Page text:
A lot of people were judging Malcolm Subban on what he did in the selection camp, he wasn't very good that week, and on what he did in the pre-tournament games, when he was just okay.
And then in Canada's first two games of the tournament he gives up six goals combined against Germany and Slovakia. People were asking questions; they were all answered on Sunday.
Subban was brilliant against the US. He showed the kind of temperament and talent goalie coach Ron Tugnett and head coach Steve Spott knew he possesses. That's why the Boston Bruins took him in the first round, and why he was anointed the number one goaltender even though he wasn't coming off the best two week period of his life.
Sunday was a spectacular performance by Subban at one end and John Gibson – a Kitchener Ranger goaltender drafted by the Anaheim Ducks – at the other end; a great goaltending battle.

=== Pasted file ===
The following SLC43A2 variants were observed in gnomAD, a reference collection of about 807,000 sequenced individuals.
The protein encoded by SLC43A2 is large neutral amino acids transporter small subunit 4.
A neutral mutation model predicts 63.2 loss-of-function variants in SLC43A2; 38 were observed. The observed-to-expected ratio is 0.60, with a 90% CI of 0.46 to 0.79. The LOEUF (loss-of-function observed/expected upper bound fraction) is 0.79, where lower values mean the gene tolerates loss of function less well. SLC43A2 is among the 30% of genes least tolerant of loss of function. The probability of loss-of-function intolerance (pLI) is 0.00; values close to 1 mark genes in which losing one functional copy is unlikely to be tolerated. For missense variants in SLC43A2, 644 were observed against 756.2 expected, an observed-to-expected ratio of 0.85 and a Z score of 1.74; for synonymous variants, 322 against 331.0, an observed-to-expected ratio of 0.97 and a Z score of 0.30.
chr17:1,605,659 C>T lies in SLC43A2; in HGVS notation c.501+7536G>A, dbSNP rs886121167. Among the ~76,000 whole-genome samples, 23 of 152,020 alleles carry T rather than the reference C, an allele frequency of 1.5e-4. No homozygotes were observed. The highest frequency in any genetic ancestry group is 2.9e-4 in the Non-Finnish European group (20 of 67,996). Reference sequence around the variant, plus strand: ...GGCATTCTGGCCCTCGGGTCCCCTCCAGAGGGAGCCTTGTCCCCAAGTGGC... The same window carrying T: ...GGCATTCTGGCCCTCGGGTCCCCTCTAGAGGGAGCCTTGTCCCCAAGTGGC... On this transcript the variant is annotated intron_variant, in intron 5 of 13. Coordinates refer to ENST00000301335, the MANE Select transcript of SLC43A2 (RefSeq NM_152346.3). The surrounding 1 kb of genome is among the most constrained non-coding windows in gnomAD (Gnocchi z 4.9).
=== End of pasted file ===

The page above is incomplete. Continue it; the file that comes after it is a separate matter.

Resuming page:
Penalty Kill Prowess
The Americans scored one goal on the power play but on the day, a tremendous job in front of Subban killing penalties.
Terrific jobs by Dougie Hamilton, Scott Harrington, Phillip Danault, you name it. They stepped up, they boxed guys out well, and they took pucks away from the Americans.
Subban, of course, was terrific, especially in that four-minute stretch in the second period when Griffin Reinhart went off with a double minor for high-sticking. But the guys in front of him, particularly the guys on the blue line were absolutely terrific.
Power Play Troubles
The lack of success on the 5-on-3 power play in the third period almost came back to bite them. The Americans got a little silly with their penalties, but Canada generated not much of anything outside of Ryan Nugent-Hopkins hitting the crossbar once.
And then Nugent-Hopkins comes up with an uncharacteristically bad penalty that put Canada on the penalty kill to finish the game. That one could have come back to bite Canada in a big way, but the penalty kill again was good. It's something for the coaches to work on moving forward, making sure Canada doesn't take those late penalties.